Diabetes and Hypertension

Hypertension, a problem of very high blood pressure, is a common problem  particularly in the United States where as many as one in four people suffer  from it. However, those with diabetes are even more susceptible to the problem,  and are doubly as likely to have hypertension. Depending on other factors, a  person with diabetes may have as much as a 60% chance of also having  hypertension.

The two problems are linked by a variety of different factors. The most  common and important of which is being very overweight, a problem associated  with type 2 diabetes. However, insulin resistance, immune system and autonomic  factors all come into play as well. Additionally, hypertension can make some  symptoms and conditions of diabetes more dangerous and more prevalent.

Those that have diabetes typically already have stricter blood pressure  requirements than those in the rest of the population. This can make  hypertension all the more serious, and it’s something that shouldn’t be taken  lightly. Serious problems ranging from heart attacks to strokes and more can all  stem from prolonged hypertension.

A person who has both diabetes and hypertension can seek out a variety of  treatments. There are several classes of drugs which can attack the problem in  different ways. Considering the seriousness of hypertension, particularly in  those with diabetes, drugs are often recommended as a primary way for combating  the issue.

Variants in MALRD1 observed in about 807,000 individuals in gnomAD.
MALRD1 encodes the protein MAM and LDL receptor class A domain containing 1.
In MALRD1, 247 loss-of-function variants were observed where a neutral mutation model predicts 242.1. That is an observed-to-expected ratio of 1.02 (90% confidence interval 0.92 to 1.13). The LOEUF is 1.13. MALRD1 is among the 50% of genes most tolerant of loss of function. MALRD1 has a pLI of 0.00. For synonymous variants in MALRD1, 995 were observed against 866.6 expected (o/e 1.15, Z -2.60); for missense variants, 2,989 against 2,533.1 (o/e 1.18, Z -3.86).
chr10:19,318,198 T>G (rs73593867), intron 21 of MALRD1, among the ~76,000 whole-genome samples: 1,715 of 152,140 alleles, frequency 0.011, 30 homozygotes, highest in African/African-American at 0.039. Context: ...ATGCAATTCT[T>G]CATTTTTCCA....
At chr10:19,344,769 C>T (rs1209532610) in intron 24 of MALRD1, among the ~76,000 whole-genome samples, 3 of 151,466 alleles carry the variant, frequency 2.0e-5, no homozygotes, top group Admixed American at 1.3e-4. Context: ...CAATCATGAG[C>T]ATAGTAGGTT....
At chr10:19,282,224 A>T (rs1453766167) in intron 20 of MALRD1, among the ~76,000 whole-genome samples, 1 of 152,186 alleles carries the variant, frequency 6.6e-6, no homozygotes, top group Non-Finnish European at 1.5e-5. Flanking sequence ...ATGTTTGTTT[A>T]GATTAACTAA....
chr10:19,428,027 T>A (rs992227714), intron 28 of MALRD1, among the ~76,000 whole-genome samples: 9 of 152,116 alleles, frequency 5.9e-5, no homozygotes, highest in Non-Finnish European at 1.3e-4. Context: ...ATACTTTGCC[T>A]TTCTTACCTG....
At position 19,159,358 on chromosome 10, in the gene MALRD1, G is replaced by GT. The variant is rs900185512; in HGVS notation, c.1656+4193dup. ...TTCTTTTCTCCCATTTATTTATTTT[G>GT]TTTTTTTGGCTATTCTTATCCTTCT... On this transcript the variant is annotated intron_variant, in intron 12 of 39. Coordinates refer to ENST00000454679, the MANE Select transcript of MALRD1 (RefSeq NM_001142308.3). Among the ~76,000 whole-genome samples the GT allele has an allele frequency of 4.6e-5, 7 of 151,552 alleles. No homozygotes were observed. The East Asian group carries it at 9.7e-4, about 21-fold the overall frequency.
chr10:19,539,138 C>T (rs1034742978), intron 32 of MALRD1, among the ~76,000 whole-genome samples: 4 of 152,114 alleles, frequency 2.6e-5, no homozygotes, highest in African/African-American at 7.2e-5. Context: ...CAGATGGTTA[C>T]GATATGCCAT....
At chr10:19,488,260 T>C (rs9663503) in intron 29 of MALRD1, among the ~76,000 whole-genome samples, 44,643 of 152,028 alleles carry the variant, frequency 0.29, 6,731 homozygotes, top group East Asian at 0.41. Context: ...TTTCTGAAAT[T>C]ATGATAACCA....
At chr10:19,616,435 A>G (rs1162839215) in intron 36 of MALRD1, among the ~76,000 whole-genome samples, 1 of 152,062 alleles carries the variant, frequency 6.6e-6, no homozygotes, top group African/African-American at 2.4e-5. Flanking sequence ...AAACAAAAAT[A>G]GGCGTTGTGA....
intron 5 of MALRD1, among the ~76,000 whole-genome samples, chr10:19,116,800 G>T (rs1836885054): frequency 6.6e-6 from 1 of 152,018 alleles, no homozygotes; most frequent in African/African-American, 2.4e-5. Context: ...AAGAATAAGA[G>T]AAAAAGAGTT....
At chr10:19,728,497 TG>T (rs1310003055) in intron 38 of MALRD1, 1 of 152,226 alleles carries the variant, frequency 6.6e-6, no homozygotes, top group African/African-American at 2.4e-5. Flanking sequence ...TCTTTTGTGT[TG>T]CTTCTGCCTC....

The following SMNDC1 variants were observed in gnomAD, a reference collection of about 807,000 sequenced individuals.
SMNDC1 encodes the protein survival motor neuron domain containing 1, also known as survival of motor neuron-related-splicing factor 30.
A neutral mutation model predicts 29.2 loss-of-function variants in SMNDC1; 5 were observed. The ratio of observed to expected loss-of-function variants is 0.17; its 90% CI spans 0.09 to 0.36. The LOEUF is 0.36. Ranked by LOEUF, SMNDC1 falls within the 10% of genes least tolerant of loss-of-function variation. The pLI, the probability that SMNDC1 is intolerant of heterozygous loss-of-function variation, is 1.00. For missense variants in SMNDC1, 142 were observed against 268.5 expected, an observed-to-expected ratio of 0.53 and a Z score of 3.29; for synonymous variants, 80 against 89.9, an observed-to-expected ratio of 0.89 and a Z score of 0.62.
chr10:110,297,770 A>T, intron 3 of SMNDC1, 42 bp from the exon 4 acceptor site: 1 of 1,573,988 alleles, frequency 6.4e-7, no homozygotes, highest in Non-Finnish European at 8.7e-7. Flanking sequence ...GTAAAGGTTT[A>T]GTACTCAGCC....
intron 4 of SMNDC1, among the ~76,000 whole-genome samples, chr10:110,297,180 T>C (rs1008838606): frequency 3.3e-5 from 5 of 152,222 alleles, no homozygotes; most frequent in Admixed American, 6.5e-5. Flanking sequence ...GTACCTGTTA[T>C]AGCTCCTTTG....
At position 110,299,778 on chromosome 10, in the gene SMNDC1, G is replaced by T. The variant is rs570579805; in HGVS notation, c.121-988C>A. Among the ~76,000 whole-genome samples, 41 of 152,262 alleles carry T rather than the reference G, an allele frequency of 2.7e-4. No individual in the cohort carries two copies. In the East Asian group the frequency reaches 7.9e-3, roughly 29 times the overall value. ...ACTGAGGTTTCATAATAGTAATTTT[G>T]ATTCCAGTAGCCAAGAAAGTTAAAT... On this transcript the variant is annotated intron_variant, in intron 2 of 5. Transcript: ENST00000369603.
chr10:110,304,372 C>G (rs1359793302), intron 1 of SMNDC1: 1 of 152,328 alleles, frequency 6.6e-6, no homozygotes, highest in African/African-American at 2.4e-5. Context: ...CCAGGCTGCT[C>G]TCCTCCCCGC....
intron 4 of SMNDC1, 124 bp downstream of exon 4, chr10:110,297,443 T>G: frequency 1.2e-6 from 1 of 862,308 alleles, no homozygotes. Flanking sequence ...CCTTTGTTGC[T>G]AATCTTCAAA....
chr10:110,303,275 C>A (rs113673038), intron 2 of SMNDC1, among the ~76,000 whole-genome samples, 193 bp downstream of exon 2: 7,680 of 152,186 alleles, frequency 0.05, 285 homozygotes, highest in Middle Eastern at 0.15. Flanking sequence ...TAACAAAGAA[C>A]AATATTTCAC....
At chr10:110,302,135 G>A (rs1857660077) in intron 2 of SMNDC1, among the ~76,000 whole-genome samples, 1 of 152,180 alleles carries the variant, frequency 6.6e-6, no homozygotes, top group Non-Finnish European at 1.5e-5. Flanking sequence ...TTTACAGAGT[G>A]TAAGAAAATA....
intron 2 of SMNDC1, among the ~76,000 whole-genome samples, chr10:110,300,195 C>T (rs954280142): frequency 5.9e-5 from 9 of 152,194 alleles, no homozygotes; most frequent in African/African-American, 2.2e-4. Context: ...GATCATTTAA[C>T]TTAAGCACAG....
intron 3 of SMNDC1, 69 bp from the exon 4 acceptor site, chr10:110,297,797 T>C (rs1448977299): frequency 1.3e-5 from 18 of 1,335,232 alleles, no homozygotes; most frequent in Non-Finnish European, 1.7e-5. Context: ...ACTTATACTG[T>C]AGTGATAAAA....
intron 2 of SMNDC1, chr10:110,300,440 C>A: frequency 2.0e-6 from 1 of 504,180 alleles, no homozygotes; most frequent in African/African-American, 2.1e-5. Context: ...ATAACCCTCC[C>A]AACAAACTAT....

This should also be combined however with a general health and fitness plan  designed to lose weight and be healthier. Even moderate amounts of mild exercise  can make a big difference over the long term in lowering blood pressure.  Participating in moderate to intense exercise several times a week is even  better. The physical exertion is healthy in and of itself but should also pay  dividends towards a goal of achieving weight loss.

Eating better foods can also make a big difference towards hypertension and  high blood pressure levels. Particularly, cutting back on sodium in your diet  can have a positive effect as one example. Potassium is a key nutrient that you  should be sure to include heavily in your diet as well. While weight loss is a  goal, weight loss drugs have to be taken with care. For example, some appetite  suppressants actually increase blood pressure as a side effect. Always consult  your doctor when considering various medications.

Additionally, smoking can add to the problem of hypertension and needs to be  stopped. Avoiding or moderating your intake of alcohol is also important, and  other stimulants such as caffeine should be monitored.

With these lifestyle changes you can make a big dent in a combined  hypertension and diabetes problem. However, to reach the target goals of  improvement and to ensure success it is usually recommended to make these  healthier life decisions while also taking one or more medications to help  control the problem as well. Considering the seriousness of hypertension and  it’s extremely high correlation with diabetes, it is a problem that cannot be  overlooked. (by Jennifer Kirkman)


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